Added: 2016-08-23

Thomson (2)

"Father mourning the loss of his child"

Commentary

(4) ina: according to Schumacher (1993:170) negation 'ina is a Mangarevan word that was imported by Roussel in 1866-1867. Fischer (1997a:101), on the other hand, sees it as a Tahitian loan. In 1868, natives used the expression ina vai – ina ina, "no water, none at all", when Palmer's party was searching to relieve their thirst (1870:168).

(11) muhu: Rapanui vocabularies offer only : mumú: "taciturno", "callado", "mudo" (Englert 1974:203); hahumuhumu: "to speak indistinctly", "to mutter" (Churchill 1912:199). POLLEX however has: PN: musu: "mutter"; MRQ: muhumuhu: "murmurer"; MAO: muhu/muhu: "mutter"; RAR: mu'u/mu'u: "mutter", "whisper"; TAH: muhu: "noise", "the din of talking".

(13) moved: alt.: "frightened" (Fuentes 1960:709: vevéri: "to frighten", "to astonish").

(14) above the entrance, lit. "above the door". These circumstances place the chant firmly at 'Ana O Keke. The entrance of the cave is some 20 m below the edge of the cliff on which the parent is standing. Apparently, at some time it had a papare or door made of reeds (cf. Englert 1974:221: papare: "la portezuela de antiguas hare paeŋa; se hacía de totora en forma de cortina, se enrollaba hacia arriba para abrir, se dejaba colgada para cerrar la entrada").

(18) ava: the original notation may have had ana, "cave", as the "n" is often incorrectly replaced by "v" in the conversion from notes to print.

(20) Alt.: "Your beauty will be seen".

This song was collected in 1886 by Thomson and Salmon during the same session as Atu'a Mata Riri. Apparently Ure Vaeiko "read" it from photographs of tablet Échancrée. It was published by Thomson under the title "Father mourning the loss of his child" with the comment: "This is an old song, supposed to have descended from the time the first inhabitants arrived on the island. The father is believed to mourn for his child left in that eastern land, from which tradition states the people migrated" (1891:525). Evidently this explanation was inspired by the word hiva in line 4 (translated as "foreign"). As has been discussed before, Hiva referred both to the mythical land of origin and to the spirit world, meanings which had a substantial overlap. Although the term is actually absent in the text, the remark about a child in a foreign, eastern land is interesting, as it seems to be a faint trace of the neru in the "otherworldly" place of 'Ana O Keke. In two other texts (R5; R6), a neru is called a "beautiful girl in Hiva". The fact that the cave is located in the eastern part of the island may account for the confusion about the location of the legendary homeland, which was sometimes said to lie in the east (Thomson 1891:531; Clark 1899:145) instead of the west (cf. Barthel 1974:32-35). Salmon's translation is very unreliable and does not need to be reproduced here.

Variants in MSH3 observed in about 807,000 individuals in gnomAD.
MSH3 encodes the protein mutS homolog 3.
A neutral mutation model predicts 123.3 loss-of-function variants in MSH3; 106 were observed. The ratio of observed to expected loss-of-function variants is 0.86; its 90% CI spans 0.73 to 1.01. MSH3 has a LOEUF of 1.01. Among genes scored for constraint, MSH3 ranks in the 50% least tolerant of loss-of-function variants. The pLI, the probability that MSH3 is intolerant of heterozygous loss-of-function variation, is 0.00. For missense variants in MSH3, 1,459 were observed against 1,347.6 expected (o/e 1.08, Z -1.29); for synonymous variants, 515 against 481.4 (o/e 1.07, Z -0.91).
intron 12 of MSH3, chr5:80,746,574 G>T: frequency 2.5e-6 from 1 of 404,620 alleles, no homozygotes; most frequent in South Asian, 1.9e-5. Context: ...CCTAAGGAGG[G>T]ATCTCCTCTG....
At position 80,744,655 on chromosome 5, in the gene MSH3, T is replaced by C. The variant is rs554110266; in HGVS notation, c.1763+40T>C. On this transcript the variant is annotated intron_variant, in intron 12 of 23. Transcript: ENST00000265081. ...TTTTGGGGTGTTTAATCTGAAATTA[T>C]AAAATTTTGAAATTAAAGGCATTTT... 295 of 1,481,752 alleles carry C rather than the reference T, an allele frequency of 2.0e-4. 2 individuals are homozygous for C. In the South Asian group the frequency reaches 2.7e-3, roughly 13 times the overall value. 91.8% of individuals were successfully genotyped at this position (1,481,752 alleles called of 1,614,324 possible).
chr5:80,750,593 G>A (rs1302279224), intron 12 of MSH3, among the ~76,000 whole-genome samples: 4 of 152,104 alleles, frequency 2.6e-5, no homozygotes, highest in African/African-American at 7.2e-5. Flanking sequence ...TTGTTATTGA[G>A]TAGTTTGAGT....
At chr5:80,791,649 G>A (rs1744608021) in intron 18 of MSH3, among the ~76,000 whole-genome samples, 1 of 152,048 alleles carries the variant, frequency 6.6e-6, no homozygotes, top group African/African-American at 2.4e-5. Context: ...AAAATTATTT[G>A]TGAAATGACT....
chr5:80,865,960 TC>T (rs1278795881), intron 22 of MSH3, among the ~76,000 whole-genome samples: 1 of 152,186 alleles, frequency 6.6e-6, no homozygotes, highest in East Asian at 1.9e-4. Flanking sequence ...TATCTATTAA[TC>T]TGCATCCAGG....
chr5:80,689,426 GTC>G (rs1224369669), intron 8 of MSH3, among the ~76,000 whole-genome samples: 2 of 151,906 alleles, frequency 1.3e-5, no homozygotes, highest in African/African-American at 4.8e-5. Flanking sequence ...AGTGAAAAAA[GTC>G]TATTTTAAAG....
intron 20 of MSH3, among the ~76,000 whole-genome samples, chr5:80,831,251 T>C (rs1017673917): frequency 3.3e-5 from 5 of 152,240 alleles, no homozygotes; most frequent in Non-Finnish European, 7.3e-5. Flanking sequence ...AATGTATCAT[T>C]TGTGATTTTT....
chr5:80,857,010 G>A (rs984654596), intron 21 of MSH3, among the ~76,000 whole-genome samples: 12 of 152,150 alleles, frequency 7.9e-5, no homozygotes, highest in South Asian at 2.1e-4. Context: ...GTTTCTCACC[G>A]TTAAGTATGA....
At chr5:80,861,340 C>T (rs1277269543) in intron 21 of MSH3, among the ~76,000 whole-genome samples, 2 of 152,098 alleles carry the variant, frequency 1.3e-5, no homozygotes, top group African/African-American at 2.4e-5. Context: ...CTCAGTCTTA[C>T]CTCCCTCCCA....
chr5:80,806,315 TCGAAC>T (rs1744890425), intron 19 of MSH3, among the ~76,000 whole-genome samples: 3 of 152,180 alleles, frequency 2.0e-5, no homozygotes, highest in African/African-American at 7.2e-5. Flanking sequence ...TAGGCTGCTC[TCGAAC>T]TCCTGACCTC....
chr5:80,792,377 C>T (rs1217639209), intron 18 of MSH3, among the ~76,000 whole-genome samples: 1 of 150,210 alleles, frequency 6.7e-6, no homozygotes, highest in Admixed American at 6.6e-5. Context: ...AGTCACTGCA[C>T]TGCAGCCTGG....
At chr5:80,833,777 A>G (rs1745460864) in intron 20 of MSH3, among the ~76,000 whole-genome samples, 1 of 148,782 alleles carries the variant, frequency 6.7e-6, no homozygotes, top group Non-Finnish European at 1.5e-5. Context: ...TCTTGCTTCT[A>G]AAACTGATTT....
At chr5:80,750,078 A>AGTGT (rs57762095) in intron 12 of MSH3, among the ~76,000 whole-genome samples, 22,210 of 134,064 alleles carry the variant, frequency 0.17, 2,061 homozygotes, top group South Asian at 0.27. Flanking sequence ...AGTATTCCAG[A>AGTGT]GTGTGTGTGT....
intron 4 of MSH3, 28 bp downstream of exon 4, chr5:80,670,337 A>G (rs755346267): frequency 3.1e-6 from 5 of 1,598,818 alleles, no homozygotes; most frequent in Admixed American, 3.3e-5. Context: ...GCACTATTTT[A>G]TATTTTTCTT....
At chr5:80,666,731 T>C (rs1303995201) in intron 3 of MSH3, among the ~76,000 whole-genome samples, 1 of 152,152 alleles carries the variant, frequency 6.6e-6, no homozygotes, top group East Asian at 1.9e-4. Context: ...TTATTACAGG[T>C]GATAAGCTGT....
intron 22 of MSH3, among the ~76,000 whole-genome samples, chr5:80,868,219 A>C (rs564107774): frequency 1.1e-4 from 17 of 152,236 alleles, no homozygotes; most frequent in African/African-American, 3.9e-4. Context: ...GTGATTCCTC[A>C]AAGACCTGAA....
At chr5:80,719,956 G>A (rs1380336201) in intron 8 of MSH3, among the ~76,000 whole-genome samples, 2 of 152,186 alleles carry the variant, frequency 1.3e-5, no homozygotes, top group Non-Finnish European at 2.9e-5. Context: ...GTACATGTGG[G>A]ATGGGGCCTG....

How confused (your) look is,

(your) voice stammering, poor child!

(I) am aware of the distresses of the cave!

Is (your) sorrow unimportant? Of course not!

How confused (you) look at me!


How confused (your) look is,

(your) voice stammering, poor child!

(I) am aware of the distresses of the cave!

Surely (they) are not insignificant? Certainly not!

How confused (your) look is, my "hen"!


By the muffled sounds, o child,

of (your) heavy crying,

(my) heart is moved very much, oh!

(Standing) above this entrance into the earth,

(my) heart is very moved, oh!


But (I) promise: this hole in the earth